The first principle is the obligation to provide these civilian decision-makers with unvarnished military advice.
The second is the requirement, enshrined in the Uniform Code of Military Justice, that all military personnel obey "lawful orders." In fact, it is a crime, punishable by court-martial, not to obey. The qualifier—"lawful orders"—is important: It pre-empts the Nazi defense of war crimes, and it is a legitimate way out for conscientious soldiers who don't want to take part in atrocities like My Lai or torture sessions like those at Abu Ghraib.
What should an officer do if the civilian authorities reject his advice and then issue orders that are lawful but, in the officer's professional opinion, unwise or damaging to the national security?
There are three types of disagreement, raising three separate issues.
First, by almost everyone's assessment, whether he's right or wrong, no military officer has any business speaking in public about matters of broad policy while a presidential review of that policy is going on. When Gen. McChrystal was asked the question in London, he should have demurred.
Second, if, after the review, President Obama decides to pursue a strategy less ambitious than counterinsurgency, and if his advisers calculate that this alternative strategy doesn't require as many troops, then the general's role is to salute and carry out the strategy as best as he can. There are reasons why Obama might make such a decision (the impossibility of propping up a regime that the Afghan people regard as illegitimate, a calculation that counterinsurgency's costs are too high and the chance of success too low, a conclusion that a Taliban defeat in Afghanistan won't preclude al-Qaida from working elsewhere). Maybe they're good reasons, maybe they're bad; the point is, this is a decision for presidents, not military commanders.
But the third type of issue is trickier. If Obama decides to pursue a full-blown counterinsurgency strategy but to send far fewer troops than McChrystal thinks are necessary to succeed, then the general and other senior officers who agree with him are in a hard spot. This would be analogous to the position of the generals in 2002-03 who advised Rumsfeld that he was sending too few troops to Iraq; their dispute wasn't about the mission (a political decision) but rather the means to accomplish it (a matter of professional military judgment).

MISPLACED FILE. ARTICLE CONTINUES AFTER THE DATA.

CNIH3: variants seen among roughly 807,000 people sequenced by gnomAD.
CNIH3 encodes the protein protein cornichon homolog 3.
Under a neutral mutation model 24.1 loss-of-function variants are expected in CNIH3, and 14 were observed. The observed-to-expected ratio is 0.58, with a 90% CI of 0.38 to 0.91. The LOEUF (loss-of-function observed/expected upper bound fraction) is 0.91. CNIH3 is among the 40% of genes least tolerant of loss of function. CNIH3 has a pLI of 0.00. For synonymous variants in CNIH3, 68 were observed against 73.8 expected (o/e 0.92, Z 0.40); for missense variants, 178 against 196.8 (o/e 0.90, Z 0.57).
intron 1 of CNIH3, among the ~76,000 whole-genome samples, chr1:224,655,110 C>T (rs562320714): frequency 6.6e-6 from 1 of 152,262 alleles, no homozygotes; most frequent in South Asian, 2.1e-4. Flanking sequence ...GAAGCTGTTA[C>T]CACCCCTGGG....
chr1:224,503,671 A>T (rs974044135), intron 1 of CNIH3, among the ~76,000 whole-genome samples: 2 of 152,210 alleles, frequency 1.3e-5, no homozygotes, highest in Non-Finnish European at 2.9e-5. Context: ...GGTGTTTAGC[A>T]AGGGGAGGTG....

Most Army officers have read Dereliction of Duty, a 1997 book by then-Maj. (now-Brig. Gen.) H.R. McMaster, which argued that the Joint Chiefs of Staff abrogated their responsibilities during the Vietnam War by not pushing back against the misguided policies of President Lyndon Johnson and Secretary of Defense Robert McNamara. When the chiefs folded under pressure from Rumsfeld in the lead-up to the Iraq war, many junior officers wondered whether their superiors ignored McMaster's lessons.
A crisis of conscience took hold in some Army circles, with officers asking what they would have done in the chiefs' place and what they should do if they someday found themselves in the same place.
In July 2007, two retired colonels, Leonard Wong and Douglas Lovelace, wrote an article dealing with this issue in the newsletter of the Army War College's Strategic Studies Institute. Titled "Knowing When To Salute," it laid out nine options short of disobedience that a senior officer might follow when political leaders resist military advice—including requesting reassignment, taking early retirement, testifying before Congress, and, if all else fails, resigning.
By the way, there is a huge distinction between retiring and resigning. When officers retire, they do so with full benefits, health care, and continued membership in the fraternity of the officer corps—and full allegiance to the code of military justice. When they resign, they're freed from that code's restraints—but they also give up all the benefits. In part for this reason, no U.S. general has resigned in more than 40 years.
Not every officer agrees with all nine of Wong and Lovelace's options. Some officers draw a line between disputes that involve policy and those that involve military tactics and strategy. Some note that the line between policy and strategy is a fine one, and they wonder where to draw it. In part for this reason, some officers believe that they shouldn't publicly criticize a president's policies under any circumstances.
One difference between the Bush and Obama administrations is that, when Rumsfeld ran the Pentagon, dissent of almost any sort was discouraged and in some cases punished. At least Obama's strategic review is giving all views a hearing. That fact alone may ease the frustration of those who disagree with the decision he winds up making.
Meanwhile, McChrystal's public pronouncement and Gates' indirect rebuke fall nowhere near the realm of a constitutional crisis. But they do hint at the sorts of tensions that the war might sire and that Obama and Gates will have to damp down.
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